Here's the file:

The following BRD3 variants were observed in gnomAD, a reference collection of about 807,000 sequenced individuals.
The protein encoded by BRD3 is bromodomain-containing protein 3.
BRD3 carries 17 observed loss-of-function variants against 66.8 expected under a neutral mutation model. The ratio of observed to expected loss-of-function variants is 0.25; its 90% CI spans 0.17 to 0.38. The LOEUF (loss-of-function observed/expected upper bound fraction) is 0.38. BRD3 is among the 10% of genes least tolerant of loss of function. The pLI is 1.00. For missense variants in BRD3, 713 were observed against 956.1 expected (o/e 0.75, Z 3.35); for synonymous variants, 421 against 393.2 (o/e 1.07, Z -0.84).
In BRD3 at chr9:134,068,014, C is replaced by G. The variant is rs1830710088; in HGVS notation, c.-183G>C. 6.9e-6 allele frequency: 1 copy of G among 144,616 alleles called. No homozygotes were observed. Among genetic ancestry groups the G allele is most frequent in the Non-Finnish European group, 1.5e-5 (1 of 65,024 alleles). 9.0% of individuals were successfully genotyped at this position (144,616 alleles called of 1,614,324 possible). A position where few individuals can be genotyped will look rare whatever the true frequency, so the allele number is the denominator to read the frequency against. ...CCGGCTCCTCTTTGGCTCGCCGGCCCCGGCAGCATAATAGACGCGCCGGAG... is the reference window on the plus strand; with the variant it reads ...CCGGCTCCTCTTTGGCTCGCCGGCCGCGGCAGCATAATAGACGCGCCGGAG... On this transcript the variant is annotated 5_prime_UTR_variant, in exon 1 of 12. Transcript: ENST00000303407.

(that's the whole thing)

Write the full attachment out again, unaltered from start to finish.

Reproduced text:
The following BRD3 variants were observed in gnomAD, a reference collection of about 807,000 sequenced individuals.
The protein encoded by BRD3 is bromodomain-containing protein 3.
BRD3 carries 17 observed loss-of-function variants against 66.8 expected under a neutral mutation model. The ratio of observed to expected loss-of-function variants is 0.25; its 90% CI spans 0.17 to 0.38. The LOEUF (loss-of-function observed/expected upper bound fraction) is 0.38. BRD3 is among the 10% of genes least tolerant of loss of function. The pLI is 1.00. For missense variants in BRD3, 713 were observed against 956.1 expected (o/e 0.75, Z 3.35); for synonymous variants, 421 against 393.2 (o/e 1.07, Z -0.84).
In BRD3 at chr9:134,068,014, C is replaced by G. The variant is rs1830710088; in HGVS notation, c.-183G>C. 6.9e-6 allele frequency: 1 copy of G among 144,616 alleles called. No homozygotes were observed. Among genetic ancestry groups the G allele is most frequent in the Non-Finnish European group, 1.5e-5 (1 of 65,024 alleles). 9.0% of individuals were successfully genotyped at this position (144,616 alleles called of 1,614,324 possible). A position where few individuals can be genotyped will look rare whatever the true frequency, so the allele number is the denominator to read the frequency against. ...CCGGCTCCTCTTTGGCTCGCCGGCCCCGGCAGCATAATAGACGCGCCGGAG... is the reference window on the plus strand; with the variant it reads ...CCGGCTCCTCTTTGGCTCGCCGGCCGCGGCAGCATAATAGACGCGCCGGAG... On this transcript the variant is annotated 5_prime_UTR_variant, in exon 1 of 12. Transcript: ENST00000303407.